NetApp has updated its midrange FAS3000 network storage family today with new systems claimed to serve files 40 percent faster, and introduced dedicated file caching appliances which it said are the first WAFS-type devices from a major storage company.
The company also introduced 16GB cache modules for its filers, called Performance Acceleration Modules (PAMs). It said these could provide the same additional I/O performance as an extra tray of Fibre Channel disks, but are cheaper and consume less power.
The new filers are the FAS3100 and V3100 range - the former includes disk arrays while the latter draws its storage from a SAN. They are aimed at speed-hungry midrange storage uses such as engineering and high performance computing (HPC), said John Rollason, NetApp's European solutions marketing manager.
Rollason added that the new filers are something of a back to its roots move for NetApp, which is seeing a demand for higher performance NAS systems, especially from the technical customers.
"Most of those environments run on NFS - it's where our bread and butter market was before we got into SANs," he said.
The 3100 controllers can also be used to upgrade existing 3000 series filers, he noted.
The PAMs can be fitted to NetApp 3000, 3100 and 6000 series storage controllers. Up to five can be installed, depending on the size of the system, which together with the controller's in-built cache of up to 32GB can take it to 112GB of cache in total.
"We previously had two directions of scaling - more internal cache and more spindles," Rollason said. "The PAM is a third scaling which could see the number of disks required actually going down."
Although the cache is solid-state memory, Rollason explained that it's slightly different to the approach EMC has espoused for its Symmetrix systems of using solid-state disk as a Tier 0 of super-fast storage. The PAM simply extends the current general-purpose cache model, he said.
NetApp's renewed focus on performance seems to have impressed users such as Greg Stazyk, systems co-ordinator at bio-research institute, the Michael Smith Genome Sciences Centre (GSC).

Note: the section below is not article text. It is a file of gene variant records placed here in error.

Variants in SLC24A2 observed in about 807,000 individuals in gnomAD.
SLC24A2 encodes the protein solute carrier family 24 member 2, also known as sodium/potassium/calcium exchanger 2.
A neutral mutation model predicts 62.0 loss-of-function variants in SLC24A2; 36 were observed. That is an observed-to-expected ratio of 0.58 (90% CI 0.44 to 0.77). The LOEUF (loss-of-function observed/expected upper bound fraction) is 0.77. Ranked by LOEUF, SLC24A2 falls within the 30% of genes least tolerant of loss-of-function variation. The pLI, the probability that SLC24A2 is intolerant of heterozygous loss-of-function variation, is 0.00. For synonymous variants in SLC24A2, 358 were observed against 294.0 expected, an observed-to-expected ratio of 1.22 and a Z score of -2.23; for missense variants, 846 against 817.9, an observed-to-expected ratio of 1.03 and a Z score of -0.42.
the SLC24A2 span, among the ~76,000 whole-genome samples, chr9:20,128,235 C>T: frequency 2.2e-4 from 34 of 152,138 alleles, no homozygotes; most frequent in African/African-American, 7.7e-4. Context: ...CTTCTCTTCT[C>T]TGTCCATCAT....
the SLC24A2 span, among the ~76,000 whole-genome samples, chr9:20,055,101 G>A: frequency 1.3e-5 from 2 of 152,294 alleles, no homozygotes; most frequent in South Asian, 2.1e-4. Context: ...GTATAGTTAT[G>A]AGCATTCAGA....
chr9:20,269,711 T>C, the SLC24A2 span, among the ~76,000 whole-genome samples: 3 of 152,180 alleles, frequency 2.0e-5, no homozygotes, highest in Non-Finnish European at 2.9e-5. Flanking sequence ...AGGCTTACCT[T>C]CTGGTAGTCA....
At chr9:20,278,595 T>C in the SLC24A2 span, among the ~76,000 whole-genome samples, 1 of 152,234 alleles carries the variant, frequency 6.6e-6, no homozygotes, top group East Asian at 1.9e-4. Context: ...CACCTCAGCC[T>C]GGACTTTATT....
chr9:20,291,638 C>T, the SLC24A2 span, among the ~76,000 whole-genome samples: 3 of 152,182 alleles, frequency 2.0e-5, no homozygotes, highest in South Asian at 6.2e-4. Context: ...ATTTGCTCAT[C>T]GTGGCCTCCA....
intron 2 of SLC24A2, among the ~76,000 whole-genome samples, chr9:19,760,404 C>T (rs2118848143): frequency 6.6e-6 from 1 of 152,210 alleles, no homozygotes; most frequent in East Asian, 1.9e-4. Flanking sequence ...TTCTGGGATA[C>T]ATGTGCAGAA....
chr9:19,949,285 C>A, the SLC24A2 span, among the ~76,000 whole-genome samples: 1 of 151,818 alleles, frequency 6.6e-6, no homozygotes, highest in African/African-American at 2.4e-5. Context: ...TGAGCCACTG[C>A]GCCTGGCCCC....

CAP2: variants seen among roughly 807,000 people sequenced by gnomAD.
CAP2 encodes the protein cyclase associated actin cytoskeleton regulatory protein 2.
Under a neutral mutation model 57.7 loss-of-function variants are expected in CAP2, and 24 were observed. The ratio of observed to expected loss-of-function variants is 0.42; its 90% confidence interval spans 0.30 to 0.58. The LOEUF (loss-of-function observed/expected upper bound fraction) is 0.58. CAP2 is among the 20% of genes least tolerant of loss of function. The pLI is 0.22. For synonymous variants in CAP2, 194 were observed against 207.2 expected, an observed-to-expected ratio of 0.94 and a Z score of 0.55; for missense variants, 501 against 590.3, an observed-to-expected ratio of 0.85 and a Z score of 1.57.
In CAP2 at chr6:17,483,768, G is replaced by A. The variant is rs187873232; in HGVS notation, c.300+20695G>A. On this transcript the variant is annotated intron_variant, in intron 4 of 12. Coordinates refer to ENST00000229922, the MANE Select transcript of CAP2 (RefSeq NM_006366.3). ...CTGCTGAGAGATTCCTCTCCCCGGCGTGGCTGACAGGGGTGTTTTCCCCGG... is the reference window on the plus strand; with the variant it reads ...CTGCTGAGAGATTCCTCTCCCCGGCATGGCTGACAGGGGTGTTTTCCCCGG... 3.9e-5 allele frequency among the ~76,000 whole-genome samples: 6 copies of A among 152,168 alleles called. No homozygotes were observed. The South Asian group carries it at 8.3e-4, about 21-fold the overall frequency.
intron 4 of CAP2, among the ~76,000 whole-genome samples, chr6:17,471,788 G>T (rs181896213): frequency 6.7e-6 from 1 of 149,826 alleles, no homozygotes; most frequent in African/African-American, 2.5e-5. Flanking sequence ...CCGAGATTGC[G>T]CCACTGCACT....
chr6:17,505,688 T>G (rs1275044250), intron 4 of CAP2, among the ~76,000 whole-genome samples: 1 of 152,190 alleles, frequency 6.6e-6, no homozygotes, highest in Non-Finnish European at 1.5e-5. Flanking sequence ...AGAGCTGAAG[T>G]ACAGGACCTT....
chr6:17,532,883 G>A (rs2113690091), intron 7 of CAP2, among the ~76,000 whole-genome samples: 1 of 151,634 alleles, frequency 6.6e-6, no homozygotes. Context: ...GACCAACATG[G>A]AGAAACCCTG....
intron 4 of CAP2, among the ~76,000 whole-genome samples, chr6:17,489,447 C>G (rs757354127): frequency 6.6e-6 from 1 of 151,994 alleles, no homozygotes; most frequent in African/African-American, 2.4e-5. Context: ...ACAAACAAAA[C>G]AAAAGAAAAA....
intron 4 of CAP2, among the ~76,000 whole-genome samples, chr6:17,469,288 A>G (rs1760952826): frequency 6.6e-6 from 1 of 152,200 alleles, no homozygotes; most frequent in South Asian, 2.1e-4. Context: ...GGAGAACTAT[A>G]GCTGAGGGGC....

“Sequencing production processes generate tens of millions of files. We had absolutely reached the performance, reliability and manageability limits of our existing file server structure," Stazyk said.
"NetApp allowed us to keep pace with our storage demands and keep our production pipelines operating interruption free. As a result, biologist productivity has improved dramatically and we're doing a lot more with less budget than ever before."
Rollason noted that the caching appliances, called Storage Acceleration Appliances (SAA), are filers optimised to work as NFS caches in remote or branch offices, using NetApp's FlexCache technology. Three models are available - the SA200, SA300 and SA600, based on the FAS2000, 3000 and 6000 filers respectively.
"It's basically a cut-down version of the box and our Data OnTap 7G operating system, designed just to do caching," he said. He added that while the devices could replace the file caching function of a Riverbed or Silver Peak WAN optimisation appliance, that's all they do - they have no application acceleration capability.
NetApp said that the FAS3100 range would start at $69,780 (around £36,000), including 7TB of storage, and at $56,365 (around £29,000) for the V3100 NAS head with no storage. List price for the PAM is $15,000 for each hardware module, plus $20,000 software licence per PAMmed storage controller. SAA pricing depends on configuration, the company added.
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